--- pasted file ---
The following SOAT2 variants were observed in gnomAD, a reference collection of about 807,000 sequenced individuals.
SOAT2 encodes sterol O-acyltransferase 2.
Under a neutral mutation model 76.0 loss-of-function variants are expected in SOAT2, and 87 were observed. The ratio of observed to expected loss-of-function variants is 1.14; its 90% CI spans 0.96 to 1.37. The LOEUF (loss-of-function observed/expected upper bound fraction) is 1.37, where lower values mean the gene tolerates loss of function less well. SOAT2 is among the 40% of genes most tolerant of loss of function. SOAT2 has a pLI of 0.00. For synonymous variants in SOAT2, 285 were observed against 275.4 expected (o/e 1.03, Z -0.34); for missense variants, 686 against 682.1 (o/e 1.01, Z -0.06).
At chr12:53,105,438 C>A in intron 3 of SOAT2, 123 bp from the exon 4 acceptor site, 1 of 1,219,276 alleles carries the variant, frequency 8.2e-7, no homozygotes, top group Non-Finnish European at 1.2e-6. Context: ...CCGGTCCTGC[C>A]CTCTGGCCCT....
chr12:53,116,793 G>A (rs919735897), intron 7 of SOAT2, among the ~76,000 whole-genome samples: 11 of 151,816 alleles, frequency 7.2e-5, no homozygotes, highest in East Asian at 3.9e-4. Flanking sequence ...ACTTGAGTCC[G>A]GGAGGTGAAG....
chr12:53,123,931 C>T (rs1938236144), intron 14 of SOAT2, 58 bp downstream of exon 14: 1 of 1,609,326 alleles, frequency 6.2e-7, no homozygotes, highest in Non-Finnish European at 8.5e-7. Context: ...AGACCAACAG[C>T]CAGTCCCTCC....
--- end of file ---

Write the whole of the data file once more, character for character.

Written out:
The following SOAT2 variants were observed in gnomAD, a reference collection of about 807,000 sequenced individuals.
SOAT2 encodes sterol O-acyltransferase 2.
Under a neutral mutation model 76.0 loss-of-function variants are expected in SOAT2, and 87 were observed. The ratio of observed to expected loss-of-function variants is 1.14; its 90% CI spans 0.96 to 1.37. The LOEUF (loss-of-function observed/expected upper bound fraction) is 1.37, where lower values mean the gene tolerates loss of function less well. SOAT2 is among the 40% of genes most tolerant of loss of function. SOAT2 has a pLI of 0.00. For synonymous variants in SOAT2, 285 were observed against 275.4 expected (o/e 1.03, Z -0.34); for missense variants, 686 against 682.1 (o/e 1.01, Z -0.06).
At chr12:53,105,438 C>A in intron 3 of SOAT2, 123 bp from the exon 4 acceptor site, 1 of 1,219,276 alleles carries the variant, frequency 8.2e-7, no homozygotes, top group Non-Finnish European at 1.2e-6. Context: ...CCGGTCCTGC[C>A]CTCTGGCCCT....
chr12:53,116,793 G>A (rs919735897), intron 7 of SOAT2, among the ~76,000 whole-genome samples: 11 of 151,816 alleles, frequency 7.2e-5, no homozygotes, highest in East Asian at 3.9e-4. Flanking sequence ...ACTTGAGTCC[G>A]GGAGGTGAAG....
chr12:53,123,931 C>T (rs1938236144), intron 14 of SOAT2, 58 bp downstream of exon 14: 1 of 1,609,326 alleles, frequency 6.2e-7, no homozygotes, highest in Non-Finnish European at 8.5e-7. Context: ...AGACCAACAG[C>T]CAGTCCCTCC....